The rail firms which issued “do not travel” warnings for Sunday were CrossCountry, Gatwick Express, Grand Central, Great Northern, Hull Trains, LNER, Northern, Southeastern, Southern, Thameslink, TransPennine Express and the Caledonian Sleeper, which is cancelled on Sunday night.
Flooding and debris on the tracks have caused delays and cancellations to many services.
Some of the routes affected by the weather include:
- Edinburgh Waverley Station – closed to new passengers on cross-border services because of overcrowding
- Avanti West Coast – no services except on routes between London and Manchester or Birmingham
- Grand Central – all services cancelled on Sunday
- Cross Country – a “severely reduced” service is operating
- West Midlands Railway – several routes are closed and customers advised not to travel
London Euston temporarily closed due to overcrowding, but reopened within half an hour.
On the roads, the Humber Bridge in East Yorkshire was closed for only the second time in its history. It has reopened to cars, but not to vans or lorries.
The Dartford Crossing in Kent is closed to traffic.
Ferry services have also been affected, with all services suspended at the Port of Dover because of strong winds.
DFDS has also cancelled all its ferries between Newhaven and Dieppe.
What else has the storm affected?
Dozens of homes in Bury, Lancashire, were evacuated and people taken to a nearby leisure centre after the River Irewell burst its banks. Residents told the BBC the flooding was worse than the Boxing Day floods in 2015.
A surfer in Hastings who lost his board in powerful waves was rescued by police, coastguard teams, a helicopter and a lifeboat. He had been missing at sea for about an hour.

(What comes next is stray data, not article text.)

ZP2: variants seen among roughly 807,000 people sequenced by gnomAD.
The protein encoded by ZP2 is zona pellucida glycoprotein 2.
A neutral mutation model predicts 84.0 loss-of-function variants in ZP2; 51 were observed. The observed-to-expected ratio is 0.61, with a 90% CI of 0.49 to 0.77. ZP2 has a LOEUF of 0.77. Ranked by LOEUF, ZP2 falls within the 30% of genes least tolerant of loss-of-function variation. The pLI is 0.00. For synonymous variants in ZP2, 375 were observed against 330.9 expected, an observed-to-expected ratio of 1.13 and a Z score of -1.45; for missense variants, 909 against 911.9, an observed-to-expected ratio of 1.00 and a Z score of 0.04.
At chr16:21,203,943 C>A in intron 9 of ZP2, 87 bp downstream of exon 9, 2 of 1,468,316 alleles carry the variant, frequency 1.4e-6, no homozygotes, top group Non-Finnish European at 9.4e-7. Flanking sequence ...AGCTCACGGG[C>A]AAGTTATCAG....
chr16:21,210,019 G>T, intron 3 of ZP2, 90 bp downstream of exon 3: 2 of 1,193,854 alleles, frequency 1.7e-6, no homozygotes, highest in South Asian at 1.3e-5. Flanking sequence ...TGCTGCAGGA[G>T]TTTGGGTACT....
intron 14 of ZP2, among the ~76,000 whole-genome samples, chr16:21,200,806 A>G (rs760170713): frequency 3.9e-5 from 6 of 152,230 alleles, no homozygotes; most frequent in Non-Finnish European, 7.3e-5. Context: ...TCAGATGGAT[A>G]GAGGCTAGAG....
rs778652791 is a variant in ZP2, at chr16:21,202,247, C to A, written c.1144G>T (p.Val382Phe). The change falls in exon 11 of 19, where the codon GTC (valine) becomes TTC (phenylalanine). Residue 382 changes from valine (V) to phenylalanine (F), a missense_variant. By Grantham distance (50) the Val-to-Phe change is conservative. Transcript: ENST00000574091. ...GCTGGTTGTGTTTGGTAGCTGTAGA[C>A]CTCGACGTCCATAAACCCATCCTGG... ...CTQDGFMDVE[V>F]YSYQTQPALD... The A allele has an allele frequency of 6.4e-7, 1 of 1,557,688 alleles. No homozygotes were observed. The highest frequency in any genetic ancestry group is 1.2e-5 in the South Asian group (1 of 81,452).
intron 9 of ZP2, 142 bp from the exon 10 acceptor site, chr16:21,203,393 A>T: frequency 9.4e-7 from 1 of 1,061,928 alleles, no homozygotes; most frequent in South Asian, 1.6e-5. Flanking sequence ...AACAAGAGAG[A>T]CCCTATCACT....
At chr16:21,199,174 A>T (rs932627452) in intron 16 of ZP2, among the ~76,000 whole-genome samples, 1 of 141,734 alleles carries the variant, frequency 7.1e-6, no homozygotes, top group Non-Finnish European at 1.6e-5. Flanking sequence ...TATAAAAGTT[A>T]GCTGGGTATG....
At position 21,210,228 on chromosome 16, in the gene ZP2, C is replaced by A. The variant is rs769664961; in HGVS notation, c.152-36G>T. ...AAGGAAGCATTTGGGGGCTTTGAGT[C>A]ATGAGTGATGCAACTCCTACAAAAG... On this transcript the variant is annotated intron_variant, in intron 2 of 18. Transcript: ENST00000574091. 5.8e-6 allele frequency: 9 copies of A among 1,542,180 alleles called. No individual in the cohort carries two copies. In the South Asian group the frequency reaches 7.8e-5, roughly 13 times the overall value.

Elsewhere, firefighters in Blackpool had to rescue a motorist whose car got stuck in floodwater. Blackpool Council tweeted that some properties were being evacuated.
Strong winds buckled a construction crane in Stanmore, north London, and tore the sails off a historic windmill in Burgh Le Marsh, Lincolnshire.
The Queen did not attend church in Sandringham, Norfolk, because of “public safety reasons” due to the weather.
Other effects of the storm include:
- Scotland’s Women’s Six Nations match against England has been postponed
- Four Women’s Super League matches have been called off, including Liverpool against Everton, where more than 20,000 fans were expected
- Horse racing at Exeter and Southwell were cancelled
- The London Winter Run 10k – due to be attended by 25,000 runners – was cancelled
- London’s eight Royal Parks, which include Hyde Park and Regent’s Park, are closed on Sunday
What’s the forecast?
Strong gusts of wind are expected to continue to hit Northern Ireland and most of Scotland after the storm has passed on Monday.
The Met Office has issued yellow warnings for Monday for wind and snow in Scotland and Northern Ireland, and snow and ice across north-west England.
The yellow warnings for snow and ice remain in place for much of Scotland, northern Ireland and parts of the north of England on Tuesday and Wednesday.